Operation RUBICON

  1. This happened before James Bamford's book The Puzzle palace was published in 1982. NSA had acquired access to the galley proofs of his book prior to its going to print, so they knew what was coming.

  1. The Index of Coincidence and its Application in Cryptanalysis
    William F. Friedman. Abridged version if the 1922 release. 1

  2. The Index of Coincidence
    National Security Agency, January 1955. 1

  3. The Index of Coindidence and its Application in Cryptanalysis
    Aegean Park Press, 1987. ISBN 089412-137-5 (soft), 0-89412-138-3 (hard).

  4. Report on E Operations of the GC&CS at Bletchley Park
    Signal Security Agency, Washington. 12 August 1943. 2
  1. Declassified and approved for release by NSA on 6 January 2014 (E.O. 13526).
  2. Declassified by NARA on 6 June 2003.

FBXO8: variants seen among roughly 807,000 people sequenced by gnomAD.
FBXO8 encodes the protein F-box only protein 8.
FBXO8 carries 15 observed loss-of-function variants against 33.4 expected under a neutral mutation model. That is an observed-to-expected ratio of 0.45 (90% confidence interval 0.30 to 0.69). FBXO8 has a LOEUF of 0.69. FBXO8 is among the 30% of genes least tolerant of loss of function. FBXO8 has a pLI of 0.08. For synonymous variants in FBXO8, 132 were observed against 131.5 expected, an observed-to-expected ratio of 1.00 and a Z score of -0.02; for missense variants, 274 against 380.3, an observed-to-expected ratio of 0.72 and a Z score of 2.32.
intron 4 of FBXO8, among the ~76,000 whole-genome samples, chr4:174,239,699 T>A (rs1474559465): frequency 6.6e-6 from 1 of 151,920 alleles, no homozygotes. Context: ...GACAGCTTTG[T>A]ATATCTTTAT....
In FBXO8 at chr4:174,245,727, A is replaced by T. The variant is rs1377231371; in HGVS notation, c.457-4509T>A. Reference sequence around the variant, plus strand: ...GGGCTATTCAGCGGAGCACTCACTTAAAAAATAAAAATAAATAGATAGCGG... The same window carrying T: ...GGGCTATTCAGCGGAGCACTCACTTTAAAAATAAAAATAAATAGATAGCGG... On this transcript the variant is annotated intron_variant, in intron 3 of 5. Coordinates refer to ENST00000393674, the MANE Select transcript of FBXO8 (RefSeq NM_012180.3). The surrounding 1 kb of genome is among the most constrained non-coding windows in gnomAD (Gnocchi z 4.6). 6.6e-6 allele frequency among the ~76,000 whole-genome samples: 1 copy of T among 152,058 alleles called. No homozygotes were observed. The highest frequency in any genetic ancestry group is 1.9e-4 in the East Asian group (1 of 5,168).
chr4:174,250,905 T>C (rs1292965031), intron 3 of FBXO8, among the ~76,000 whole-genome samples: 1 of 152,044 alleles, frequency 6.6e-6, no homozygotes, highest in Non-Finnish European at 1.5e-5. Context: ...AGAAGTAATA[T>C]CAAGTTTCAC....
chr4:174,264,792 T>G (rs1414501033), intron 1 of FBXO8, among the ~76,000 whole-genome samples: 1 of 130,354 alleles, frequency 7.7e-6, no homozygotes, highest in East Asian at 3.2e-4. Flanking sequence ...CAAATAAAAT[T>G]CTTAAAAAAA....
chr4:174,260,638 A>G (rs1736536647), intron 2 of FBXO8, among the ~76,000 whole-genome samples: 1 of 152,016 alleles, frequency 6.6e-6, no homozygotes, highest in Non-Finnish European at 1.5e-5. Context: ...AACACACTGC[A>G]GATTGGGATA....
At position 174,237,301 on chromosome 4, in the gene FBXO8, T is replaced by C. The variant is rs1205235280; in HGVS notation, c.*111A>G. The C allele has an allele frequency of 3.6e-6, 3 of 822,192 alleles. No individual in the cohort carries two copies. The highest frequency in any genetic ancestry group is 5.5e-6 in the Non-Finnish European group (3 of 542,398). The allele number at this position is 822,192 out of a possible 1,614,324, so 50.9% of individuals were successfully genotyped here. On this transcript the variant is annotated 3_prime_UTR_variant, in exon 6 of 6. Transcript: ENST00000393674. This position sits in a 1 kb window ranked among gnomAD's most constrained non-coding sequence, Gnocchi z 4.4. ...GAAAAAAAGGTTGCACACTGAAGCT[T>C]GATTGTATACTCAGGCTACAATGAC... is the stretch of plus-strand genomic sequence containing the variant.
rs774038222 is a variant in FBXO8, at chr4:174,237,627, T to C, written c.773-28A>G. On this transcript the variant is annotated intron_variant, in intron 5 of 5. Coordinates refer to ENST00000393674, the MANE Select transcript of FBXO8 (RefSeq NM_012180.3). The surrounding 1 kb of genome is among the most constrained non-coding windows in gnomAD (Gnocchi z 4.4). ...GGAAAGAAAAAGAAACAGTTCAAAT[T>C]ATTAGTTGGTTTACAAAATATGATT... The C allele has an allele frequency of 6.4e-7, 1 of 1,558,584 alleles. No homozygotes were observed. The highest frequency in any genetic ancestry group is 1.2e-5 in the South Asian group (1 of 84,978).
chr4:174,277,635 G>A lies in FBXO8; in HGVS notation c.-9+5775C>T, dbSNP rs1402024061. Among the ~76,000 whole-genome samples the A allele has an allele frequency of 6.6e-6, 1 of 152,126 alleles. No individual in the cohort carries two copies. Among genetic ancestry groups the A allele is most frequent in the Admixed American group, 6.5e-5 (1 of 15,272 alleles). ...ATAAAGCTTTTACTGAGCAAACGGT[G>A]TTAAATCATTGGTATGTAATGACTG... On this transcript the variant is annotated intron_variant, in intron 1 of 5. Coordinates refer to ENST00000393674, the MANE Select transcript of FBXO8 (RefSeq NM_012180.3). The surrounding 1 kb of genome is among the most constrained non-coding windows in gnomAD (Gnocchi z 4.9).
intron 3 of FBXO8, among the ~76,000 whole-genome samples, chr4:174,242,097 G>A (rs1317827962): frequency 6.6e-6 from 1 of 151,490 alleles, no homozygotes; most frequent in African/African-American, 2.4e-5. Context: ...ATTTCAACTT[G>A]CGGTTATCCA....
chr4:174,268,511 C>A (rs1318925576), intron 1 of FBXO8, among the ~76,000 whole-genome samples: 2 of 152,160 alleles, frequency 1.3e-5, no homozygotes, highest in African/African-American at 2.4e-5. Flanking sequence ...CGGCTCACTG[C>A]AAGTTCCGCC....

1. Ronald W. Clark, The Man Wo Broke Purple
    Biography of William (Bill) Friedman.
    ISBN 0-297-77279-1. 1977.
  1. Chris Christensen, Cryptanalysis of the Vigenère Cipher: The Friedman Test
    Spring 2015
  1. Wikipedia, William F. Friedman
    Retrieved July 2015.

  2. Wikipedia, Pogroms in the Russian Empire
    Retrieved December 2019.

  3. Wikipedia, Kishinev pogrom
    Retrieved December 2019.

  4. Paul Reuvers & Marc Simons, The Gentleman's Agreement
    Crypto Museum, 30 July 2015.

  5. Paul Reuvers & Marc Simons, Operation RUBICON
    Crypto Museum, 19 March 2020.

  6. Wayne Barker, Cryptanalysis of the Hagelin Cryptograph
    ISBN 0-89412-022-0. 1975.

  7. Ronald W. Clark, The Man Wo Broke Purple
    ISBN 0-297-77279-1. 1977.

  8. James Bamford, The Puzzle Palace
    ISBN 0-14-006748-5. 1982.
     James Bamford

  9. Wikipedia, Index of coincidence
    Retrieved January 2020.

  10. Jeffrey, Friedman Collection At Folger Library
    31 October 2014.

  11. NSA, William F. Friedman Collection of Official Papers
    Retrieved July 2015. 1
  1. Declassified by NSA on 17 June 2014 (EO 13526).

Further information
Any links shown in red are currently unavailable. If you like the information on this website, why not make a donation?
Crypto Museum. Last changed: Sunday, 03 September 2023 - 09:24 CET.
Click for homepage